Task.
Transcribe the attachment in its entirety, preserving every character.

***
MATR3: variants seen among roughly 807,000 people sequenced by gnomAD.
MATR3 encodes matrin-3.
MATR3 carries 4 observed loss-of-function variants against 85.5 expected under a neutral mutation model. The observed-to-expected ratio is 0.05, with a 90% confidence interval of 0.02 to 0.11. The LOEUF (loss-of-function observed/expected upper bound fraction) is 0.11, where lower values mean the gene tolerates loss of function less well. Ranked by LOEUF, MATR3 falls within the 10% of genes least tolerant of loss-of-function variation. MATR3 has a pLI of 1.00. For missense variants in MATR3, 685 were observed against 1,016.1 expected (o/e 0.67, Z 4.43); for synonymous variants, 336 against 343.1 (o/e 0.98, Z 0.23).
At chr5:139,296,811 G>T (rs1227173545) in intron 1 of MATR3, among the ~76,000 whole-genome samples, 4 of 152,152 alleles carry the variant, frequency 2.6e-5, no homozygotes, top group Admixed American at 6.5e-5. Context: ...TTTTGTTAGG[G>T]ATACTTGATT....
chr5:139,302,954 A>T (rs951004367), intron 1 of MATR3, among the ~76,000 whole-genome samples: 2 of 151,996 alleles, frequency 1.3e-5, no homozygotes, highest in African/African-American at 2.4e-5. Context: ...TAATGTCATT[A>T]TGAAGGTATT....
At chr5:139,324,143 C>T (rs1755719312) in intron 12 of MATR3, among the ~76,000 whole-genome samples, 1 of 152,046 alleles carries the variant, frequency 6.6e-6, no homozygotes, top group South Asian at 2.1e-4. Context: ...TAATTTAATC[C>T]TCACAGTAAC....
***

MATR3: variants seen among roughly 807,000 people sequenced by gnomAD.
MATR3 encodes matrin-3.
MATR3 carries 4 observed loss-of-function variants against 85.5 expected under a neutral mutation model. The observed-to-expected ratio is 0.05, with a 90% confidence interval of 0.02 to 0.11. The LOEUF (loss-of-function observed/expected upper bound fraction) is 0.11, where lower values mean the gene tolerates loss of function less well. Ranked by LOEUF, MATR3 falls within the 10% of genes least tolerant of loss-of-function variation. MATR3 has a pLI of 1.00. For missense variants in MATR3, 685 were observed against 1,016.1 expected (o/e 0.67, Z 4.43); for synonymous variants, 336 against 343.1 (o/e 0.98, Z 0.23).
At chr5:139,296,811 G>T (rs1227173545) in intron 1 of MATR3, among the ~76,000 whole-genome samples, 4 of 152,152 alleles carry the variant, frequency 2.6e-5, no homozygotes, top group Admixed American at 6.5e-5. Context: ...TTTTGTTAGG[G>T]ATACTTGATT....
chr5:139,302,954 A>T (rs951004367), intron 1 of MATR3, among the ~76,000 whole-genome samples: 2 of 151,996 alleles, frequency 1.3e-5, no homozygotes, highest in African/African-American at 2.4e-5. Context: ...TAATGTCATT[A>T]TGAAGGTATT....
At chr5:139,324,143 C>T (rs1755719312) in intron 12 of MATR3, among the ~76,000 whole-genome samples, 1 of 152,046 alleles carries the variant, frequency 6.6e-6, no homozygotes, top group South Asian at 2.1e-4. Context: ...TAATTTAATC[C>T]TCACAGTAAC....